The governor of the province (and presumably the police chief) was a key figure not in the political SIIC, but in its Badr militia. I'll say it again. The governor was a key figure in the Badr militia.

If you want to see why Iraq doesn't work, read the last line.
The governor had recently issued instructions for other militias in the province to be disarmed.

IntraShia violence

Iraqslogger has some bits on intraShia violence in the south today. Shia tribal violence broke out in Basra as retribution for a killing. The targets were the Dawa and SIIC political offices.

A long piece on the economic underpinnings of the Shia conflicts, and, (bottom half) a cryptic look at the series of assassinations targeting Sistani's apparatus. The allegation is that the killings are reprisals for the US led "Soldiers of Heaven" bloodbath many months ago.

Picture of the Day

The NYTimes has a video on their front page right now with the guys running this grill bitching about Romney taking over. Romney stayed at the grill for 5 minutes.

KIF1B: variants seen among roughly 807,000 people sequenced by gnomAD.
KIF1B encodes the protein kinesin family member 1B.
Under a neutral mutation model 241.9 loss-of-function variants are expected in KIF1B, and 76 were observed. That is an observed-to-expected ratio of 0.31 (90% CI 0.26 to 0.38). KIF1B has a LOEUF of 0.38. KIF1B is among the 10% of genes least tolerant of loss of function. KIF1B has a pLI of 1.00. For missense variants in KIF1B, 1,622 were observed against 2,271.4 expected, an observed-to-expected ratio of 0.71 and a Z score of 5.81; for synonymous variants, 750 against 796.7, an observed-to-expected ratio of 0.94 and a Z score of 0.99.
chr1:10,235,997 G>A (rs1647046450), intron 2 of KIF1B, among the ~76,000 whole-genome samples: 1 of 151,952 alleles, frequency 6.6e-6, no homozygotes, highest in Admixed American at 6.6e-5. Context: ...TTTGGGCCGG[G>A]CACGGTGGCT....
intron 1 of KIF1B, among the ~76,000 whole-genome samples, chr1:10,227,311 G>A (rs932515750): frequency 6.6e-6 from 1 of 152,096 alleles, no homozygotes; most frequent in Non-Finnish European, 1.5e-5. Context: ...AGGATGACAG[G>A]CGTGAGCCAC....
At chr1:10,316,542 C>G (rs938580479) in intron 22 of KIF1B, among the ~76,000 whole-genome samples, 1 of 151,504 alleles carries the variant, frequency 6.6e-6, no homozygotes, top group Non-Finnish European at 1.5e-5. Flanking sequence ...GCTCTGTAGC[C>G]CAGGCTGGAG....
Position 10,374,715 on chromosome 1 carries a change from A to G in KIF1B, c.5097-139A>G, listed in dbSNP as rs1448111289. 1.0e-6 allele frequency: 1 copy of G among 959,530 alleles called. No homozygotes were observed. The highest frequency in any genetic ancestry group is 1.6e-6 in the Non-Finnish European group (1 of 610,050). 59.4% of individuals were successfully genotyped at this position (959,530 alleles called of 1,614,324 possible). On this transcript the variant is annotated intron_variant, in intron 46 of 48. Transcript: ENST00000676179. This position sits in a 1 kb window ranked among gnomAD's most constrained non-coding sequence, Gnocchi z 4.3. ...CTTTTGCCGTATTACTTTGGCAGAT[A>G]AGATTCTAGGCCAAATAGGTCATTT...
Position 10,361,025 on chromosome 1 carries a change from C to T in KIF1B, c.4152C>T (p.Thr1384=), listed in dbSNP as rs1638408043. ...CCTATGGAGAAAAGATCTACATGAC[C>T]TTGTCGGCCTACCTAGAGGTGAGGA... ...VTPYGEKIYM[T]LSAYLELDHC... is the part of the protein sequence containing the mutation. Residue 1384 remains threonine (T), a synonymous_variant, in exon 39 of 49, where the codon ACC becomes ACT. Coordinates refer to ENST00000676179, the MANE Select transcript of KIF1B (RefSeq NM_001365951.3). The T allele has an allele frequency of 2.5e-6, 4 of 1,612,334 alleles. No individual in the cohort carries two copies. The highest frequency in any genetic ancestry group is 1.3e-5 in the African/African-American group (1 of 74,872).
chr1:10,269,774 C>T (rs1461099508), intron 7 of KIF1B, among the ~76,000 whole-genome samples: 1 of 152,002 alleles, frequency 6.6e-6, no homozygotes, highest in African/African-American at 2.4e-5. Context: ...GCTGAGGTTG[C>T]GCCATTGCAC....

(Why does the Romney campaign like pictures of him serving food? I've seen tons of them.)

(Mitt Romney flips pork chops while working in the Iowa Pork Producers tent, Friday, Aug. 10, 2007.(AP Photo/Charlie Neibergall))

Politico: "Then one reporter asks him: “Is it smart for you to be a flipper?”

“It is part of the process,” Romney answers as if he doesn’t really understand what the reporter is getting at...

Pleading won't make it so.

Something about the tone of this,
Talk about whether Iraq's government will survive is taboo among U.S. officials, but experts and diplomats say the hobbled coalition is in big trouble and the betting is it won't last....

The State Department's key players responsible for Iraq policy declined interviews on the strength of Iraq's government, but U.S. officials have made it clear that Washington backs Maliki and that talk of a collapse of his government is unhelpful.

The still unanswered question is what comes next. I think the only thing that is keeping the Maliki government from being pulled under is that nobody can manage a consensus alternative.

(And Rand says, plan for failure.)

Friday, August 10, 2007